Thinking about the early 80’s, I want to turn back the pages of time to that era, and visit an issue regarding ocean chinook salmon that has been simmering near my frontal lobe for a number of years. If you were around during that period of time, the federal government got into the salmon game with the establishment of the 200-mile jurisdictional limit, which opened the door as to how the annual salmon catch was shared between sport and commercial fishers. Remember, coastal states have jurisdiction from zero to three miles, then, for the next 197 miles to the west, in Washington’s case, the feds are in charge. After a few years of negotiating, bickering and fighting between sport, commercial fishers, state and federal interests, the federal government, through its new governing body called the Pacific Fisheries Management Council (PFMC), composed of 13 west coast representatives from government and sport/commercial industries decided that the allocation of harvestable numbers of chinook salmon be split, 50/50.
The evolution of the sport and commercial ocean salmon fishing fleets has changed significantly during the last 30 years. That’s a shock. Think about this… the 1985-86 data suggests there were 1,255 non-Indian trollers targeting on their allocation of half of the non-Indian chinook salmon share. On the sport fishing side of the equation, there were 298 licensed charter boats fishing during those same years, which does not include private boat anglers like me.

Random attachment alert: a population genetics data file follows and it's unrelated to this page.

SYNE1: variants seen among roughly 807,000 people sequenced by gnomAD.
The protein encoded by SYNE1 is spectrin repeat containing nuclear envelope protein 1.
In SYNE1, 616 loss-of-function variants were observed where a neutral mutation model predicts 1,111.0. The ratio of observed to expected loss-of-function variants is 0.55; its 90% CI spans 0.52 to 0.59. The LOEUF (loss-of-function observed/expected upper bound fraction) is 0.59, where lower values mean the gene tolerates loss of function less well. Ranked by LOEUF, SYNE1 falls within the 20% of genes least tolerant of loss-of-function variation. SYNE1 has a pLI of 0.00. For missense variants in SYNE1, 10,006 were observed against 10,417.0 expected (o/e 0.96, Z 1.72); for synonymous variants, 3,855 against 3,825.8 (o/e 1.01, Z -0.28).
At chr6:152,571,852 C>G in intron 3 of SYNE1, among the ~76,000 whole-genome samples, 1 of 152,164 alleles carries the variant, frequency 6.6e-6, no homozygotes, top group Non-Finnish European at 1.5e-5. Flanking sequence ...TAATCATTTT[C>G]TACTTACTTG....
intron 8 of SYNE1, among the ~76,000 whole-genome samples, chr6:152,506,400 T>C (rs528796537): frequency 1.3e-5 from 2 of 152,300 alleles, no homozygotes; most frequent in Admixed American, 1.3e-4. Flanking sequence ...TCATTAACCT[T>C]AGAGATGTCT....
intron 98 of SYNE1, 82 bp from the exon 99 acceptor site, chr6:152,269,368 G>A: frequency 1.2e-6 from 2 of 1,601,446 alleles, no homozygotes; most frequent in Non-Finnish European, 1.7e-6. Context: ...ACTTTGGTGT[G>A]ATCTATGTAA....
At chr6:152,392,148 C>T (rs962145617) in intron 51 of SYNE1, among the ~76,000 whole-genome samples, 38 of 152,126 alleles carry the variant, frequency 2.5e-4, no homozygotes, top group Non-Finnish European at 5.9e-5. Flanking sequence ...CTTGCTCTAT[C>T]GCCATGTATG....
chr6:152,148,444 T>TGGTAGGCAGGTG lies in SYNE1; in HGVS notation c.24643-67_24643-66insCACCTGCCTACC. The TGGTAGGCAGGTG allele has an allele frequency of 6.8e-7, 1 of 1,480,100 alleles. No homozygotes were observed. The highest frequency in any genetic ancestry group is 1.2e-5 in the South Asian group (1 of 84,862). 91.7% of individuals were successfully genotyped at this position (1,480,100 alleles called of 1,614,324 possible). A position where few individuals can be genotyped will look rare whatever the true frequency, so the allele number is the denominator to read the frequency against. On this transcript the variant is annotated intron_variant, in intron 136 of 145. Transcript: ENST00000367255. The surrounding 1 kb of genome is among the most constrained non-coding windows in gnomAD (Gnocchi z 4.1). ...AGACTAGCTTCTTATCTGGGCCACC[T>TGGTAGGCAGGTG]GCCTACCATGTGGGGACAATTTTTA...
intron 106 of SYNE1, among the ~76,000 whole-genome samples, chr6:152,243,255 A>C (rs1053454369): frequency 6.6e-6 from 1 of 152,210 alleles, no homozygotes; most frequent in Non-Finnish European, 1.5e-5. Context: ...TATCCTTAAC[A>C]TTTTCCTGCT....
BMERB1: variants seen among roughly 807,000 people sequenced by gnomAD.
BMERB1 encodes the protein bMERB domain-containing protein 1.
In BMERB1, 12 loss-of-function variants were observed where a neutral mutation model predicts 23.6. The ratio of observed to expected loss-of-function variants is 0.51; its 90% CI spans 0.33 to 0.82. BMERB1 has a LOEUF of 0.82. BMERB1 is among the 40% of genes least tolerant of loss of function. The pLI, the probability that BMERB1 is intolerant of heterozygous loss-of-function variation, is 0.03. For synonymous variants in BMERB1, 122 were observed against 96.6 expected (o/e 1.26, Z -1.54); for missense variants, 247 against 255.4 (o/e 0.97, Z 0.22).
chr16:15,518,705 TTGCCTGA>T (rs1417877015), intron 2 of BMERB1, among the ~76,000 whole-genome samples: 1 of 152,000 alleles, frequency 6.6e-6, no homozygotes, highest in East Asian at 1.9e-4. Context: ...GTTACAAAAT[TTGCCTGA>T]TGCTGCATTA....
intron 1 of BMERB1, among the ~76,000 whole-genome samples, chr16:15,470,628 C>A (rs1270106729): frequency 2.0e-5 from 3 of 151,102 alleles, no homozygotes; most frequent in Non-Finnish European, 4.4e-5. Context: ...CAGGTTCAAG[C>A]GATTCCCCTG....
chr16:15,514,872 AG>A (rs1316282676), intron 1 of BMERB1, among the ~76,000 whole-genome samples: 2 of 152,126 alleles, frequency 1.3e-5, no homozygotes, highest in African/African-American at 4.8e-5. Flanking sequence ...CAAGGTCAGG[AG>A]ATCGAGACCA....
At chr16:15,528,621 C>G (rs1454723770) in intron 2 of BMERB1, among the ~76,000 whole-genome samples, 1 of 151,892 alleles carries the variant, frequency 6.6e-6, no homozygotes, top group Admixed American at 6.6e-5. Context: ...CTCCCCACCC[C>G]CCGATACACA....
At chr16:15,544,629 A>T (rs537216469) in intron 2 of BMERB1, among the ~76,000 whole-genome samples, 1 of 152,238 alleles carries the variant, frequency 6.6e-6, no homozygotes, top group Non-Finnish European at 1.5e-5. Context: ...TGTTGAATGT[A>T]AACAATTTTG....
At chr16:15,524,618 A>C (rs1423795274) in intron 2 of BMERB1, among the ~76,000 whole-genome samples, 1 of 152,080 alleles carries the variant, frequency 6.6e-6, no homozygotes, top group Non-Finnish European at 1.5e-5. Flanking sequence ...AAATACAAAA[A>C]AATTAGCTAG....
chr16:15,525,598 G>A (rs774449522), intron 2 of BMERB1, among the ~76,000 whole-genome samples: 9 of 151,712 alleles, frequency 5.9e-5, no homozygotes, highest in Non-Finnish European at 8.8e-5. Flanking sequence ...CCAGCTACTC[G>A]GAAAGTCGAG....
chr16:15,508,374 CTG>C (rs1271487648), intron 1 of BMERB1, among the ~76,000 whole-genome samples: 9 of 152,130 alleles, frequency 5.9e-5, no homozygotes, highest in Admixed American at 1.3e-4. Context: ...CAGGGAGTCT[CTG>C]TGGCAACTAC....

Now, hit the 30-year fast forward button. During the period of 2006-2010, there are 92 licensed non-Indian trollers, of which about half, actively pursue ocean chinook salmon during the summer season. On the sport side, there are 142 licensed charter boats fishing coastal waters each summer, and, in terms of total anglers (charter boat anglers and private boat anglers), half of the number today are privately owned sport fishing boats.
In summary, there are far less than 10% of the commercial troll fishing boats, who were granted half of the non-Indian chinook salmon allocation 30 years ago. Meanwhile, the charter salmon fishing fleet has been reduced by half, yet, with the high interest of sport fishing in the ocean by sport fishing boats, the number of anglers who fish, or want to fish in the ocean remains very high. In other words, after 30 years of an ocean chinook salmon allocation plan, put into place by the PFMC, the troll fleet continues to be guaranteed half of the non-Indian share. That’s ridiculous and out of date.